My Favorite Movies – The Dirties (2013)

15 Apr

By Tanner Smith

Why do I love this movie so much? I’ll try to explain…

For one thing, it’s an example of passionate, resourceful, independent filmmakers using everything to their advantage. “The Dirties” was made for cheap, with the film’s financing coming out of pocket. The film is executed in the style of a documentary–but not just any documentary; a documentary made by a bright high-school kid…made by a guy in his 20s playing a bright high-school kid.

The kid is Matt (played by Matt Johnson, who also wrote and directed the film)–he’s a goofy, energetic movie geek who lives for movies to the point where he has cameras on him all the time in order to become the star of his own movie. (I give up wondering who’s constantly filming him within the context of the movie. Another classmate? An older documentary filmmaker? Who is cinematographer Jared Raab supposed to represent here? It doesn’t matter to me anymore–but it’s fun to think about.) He and his best (and only) friend Owen (Owen Williams) are making a wish-fulfillment fantasy film in which they exact revenge on a gang of bullies called The Dirties, based on bullies they frequently encounter in campus hallways. When the beatings continue, Matt gets the idea to plan his own school shooting–he’ll go into the school with guns and shoot “only the bad guys.” Owen doesn’t think he’s serious about this, but as Matt digs deeper into this crazy idea (practicing with multiple firearms, measuring hallway lockers, marking school-building blueprints, keeping pictures of the bullies marked on his wall, etc.), it gets really disturbing. It also doesn’t help that Matt always seems to be acting for the cameras, which Owen ultimately calls him out on. Where their friendship goes from there and how the film ultimately concludes…if you want spoilers, check out my in-depth analytical essay about it.

The story of how this film was made is fascinating. Apparently, writer-director-actor Matt Johnson and his co-star Owen Williams, amongst many of the crew and other actors, actually went to a public school and posed as students (“21 Jump Street” much?) in order to make this film.

Now…how they were able to get away with filming the ending, which involves a school shooting, I’m not entirely sure. If I could get my hands on one of those out-of-stock Limited Edition Blu-Rays of the movie, with all sorts of extra content, I would love to get answers to the questions like that which have been on my mind more often than I’ll admit.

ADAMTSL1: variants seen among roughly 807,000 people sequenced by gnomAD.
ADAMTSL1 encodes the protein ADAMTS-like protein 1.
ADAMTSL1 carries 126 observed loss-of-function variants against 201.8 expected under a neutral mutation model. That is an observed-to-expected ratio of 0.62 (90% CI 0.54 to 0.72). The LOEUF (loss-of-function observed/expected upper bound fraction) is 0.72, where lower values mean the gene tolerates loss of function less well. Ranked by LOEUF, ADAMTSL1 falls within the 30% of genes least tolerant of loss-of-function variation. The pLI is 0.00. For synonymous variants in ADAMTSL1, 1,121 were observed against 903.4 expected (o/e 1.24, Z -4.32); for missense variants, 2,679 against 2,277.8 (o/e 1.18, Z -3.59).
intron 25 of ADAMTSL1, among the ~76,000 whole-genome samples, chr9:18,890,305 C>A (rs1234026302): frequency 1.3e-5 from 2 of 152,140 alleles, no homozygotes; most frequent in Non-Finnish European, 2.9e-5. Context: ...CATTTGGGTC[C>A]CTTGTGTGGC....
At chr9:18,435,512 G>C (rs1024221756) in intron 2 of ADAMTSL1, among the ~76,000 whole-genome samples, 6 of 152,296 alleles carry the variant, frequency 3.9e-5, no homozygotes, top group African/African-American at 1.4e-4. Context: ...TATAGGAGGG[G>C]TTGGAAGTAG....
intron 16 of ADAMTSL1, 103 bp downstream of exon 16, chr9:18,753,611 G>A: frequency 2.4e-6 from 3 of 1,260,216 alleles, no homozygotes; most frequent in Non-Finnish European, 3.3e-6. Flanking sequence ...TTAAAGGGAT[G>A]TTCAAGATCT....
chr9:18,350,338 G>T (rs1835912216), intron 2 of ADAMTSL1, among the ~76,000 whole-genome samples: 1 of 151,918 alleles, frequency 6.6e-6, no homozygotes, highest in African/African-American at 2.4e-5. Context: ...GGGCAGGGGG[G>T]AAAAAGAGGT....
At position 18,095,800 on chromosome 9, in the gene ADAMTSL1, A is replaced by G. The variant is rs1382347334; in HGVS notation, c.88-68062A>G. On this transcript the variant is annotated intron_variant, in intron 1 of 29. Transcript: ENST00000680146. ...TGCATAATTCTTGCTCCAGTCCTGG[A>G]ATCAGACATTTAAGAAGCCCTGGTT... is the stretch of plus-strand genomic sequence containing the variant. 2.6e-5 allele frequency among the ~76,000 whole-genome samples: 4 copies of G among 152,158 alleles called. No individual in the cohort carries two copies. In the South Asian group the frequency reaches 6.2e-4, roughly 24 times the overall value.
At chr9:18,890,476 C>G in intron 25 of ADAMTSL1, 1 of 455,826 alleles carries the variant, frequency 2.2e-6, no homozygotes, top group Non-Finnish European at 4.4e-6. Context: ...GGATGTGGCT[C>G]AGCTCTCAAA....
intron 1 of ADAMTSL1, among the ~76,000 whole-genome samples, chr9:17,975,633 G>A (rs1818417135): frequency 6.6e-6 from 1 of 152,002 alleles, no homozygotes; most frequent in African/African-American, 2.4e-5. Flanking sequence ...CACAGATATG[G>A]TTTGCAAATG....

“The Dirties” is very entertaining, but most importantly, it’s more than that. Its subtext is equally disturbing and effective. It raises an interesting social commentary about the issue of youth psychology and how it’s never always how we interpret it. Even when Matt plays up his own craziness on-camera (by reading aloud the very definition of “psychopath” and asking his mother if she thinks he’s “crazy”), you still have to wonder what’s really going on inside his head as he performs his actions. No matter what clues may seem obvious, there will always be questions that we will continue to ask without ever getting clear answers about why something as horrible as this happens.

The genius of “The Dirties” is that it ends where the typical news story would begin…and even if we think we know how it all came to be, there are still some things we’re still not sure about. What did Matt write down while reviewing some of the footage? Why did Owen call Matt the night before the shooting? All of these things could have given us a much clearer perspective, but instead, while we know some things for sure, other pieces of the puzzle are still left a mystery. And that’s why I believe the film is so special: it tells an important story but it doesn’t pretend to have all the answers either.

“The Dirties” is as as thought-provoking as it is entertaining. And I look forward to seeing what else the mega-talented filmmaker Matt Johnson has in store for us in the future.

NOTE: Oh, and there’s also the end credits…these may be the very best closing credits to a movie I’ve ever seen.

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